The Ship of the Past Has Sailed
These days, trying to imagine the future and my place in it has become an increasingly unnerving task. Never before have I felt less able to predict the certainty with which I can stride forward in the world. As an Afghan-born migrant to this country, I am not even certain that my passport, with its ‘Place of birth: Kabul’, won’t one day read as an indictment against me.
Right now, I would say that the defining feature of our experience in the developed world is an ever increasing pace of change. Author and prominent New York Times columnist Thomas Friedman summarises this change neatly, as being driven by the simultaneous and rapid acceleration of three interdependent forces: Mother Nature – seen in climate change, loss of biodiversity and population explosions; Moore’s law – which is Intel cofounder’s prediction in the ’60s that the power of microchips will steadily double every two years or so, as will, more broadly, the power of technology; and finally, the market – more globalised than ever and binding the world increasingly tightly together.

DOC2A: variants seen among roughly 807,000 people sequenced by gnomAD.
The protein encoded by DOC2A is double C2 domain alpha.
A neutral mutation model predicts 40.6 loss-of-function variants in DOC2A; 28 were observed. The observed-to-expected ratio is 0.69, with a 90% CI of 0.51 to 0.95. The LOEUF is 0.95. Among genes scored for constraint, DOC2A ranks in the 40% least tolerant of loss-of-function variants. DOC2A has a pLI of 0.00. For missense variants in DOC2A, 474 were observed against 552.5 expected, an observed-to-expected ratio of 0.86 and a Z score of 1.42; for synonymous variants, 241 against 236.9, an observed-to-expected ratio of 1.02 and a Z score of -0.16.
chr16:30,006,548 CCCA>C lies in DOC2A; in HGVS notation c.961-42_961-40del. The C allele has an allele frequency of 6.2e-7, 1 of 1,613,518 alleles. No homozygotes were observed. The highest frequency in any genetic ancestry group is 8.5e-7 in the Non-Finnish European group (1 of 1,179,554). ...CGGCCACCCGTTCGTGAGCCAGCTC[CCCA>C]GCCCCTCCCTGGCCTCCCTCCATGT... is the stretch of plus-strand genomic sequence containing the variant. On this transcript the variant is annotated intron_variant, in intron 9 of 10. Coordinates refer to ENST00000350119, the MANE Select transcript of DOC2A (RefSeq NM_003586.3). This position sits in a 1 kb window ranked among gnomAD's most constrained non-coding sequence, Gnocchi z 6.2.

So with three major things we rely on as a population for our sense of stability – the environment, technology and the markets – in an ever increasing state of vulnerability and unpredictability, I cannot help but wonder what effect this is having on our sense of self and on our approach to one another. I think it is entirely possible that this discomforting state of flux is subconsciously stoking a broad sense of insecurity and fear, driving the rise of the populist politics we are seeing domestically and globally. It is perhaps a pertinent and unique duty of our times to recognise the levels of change we are facing, to ensure we are not hapless victims to a sense of uncertainty.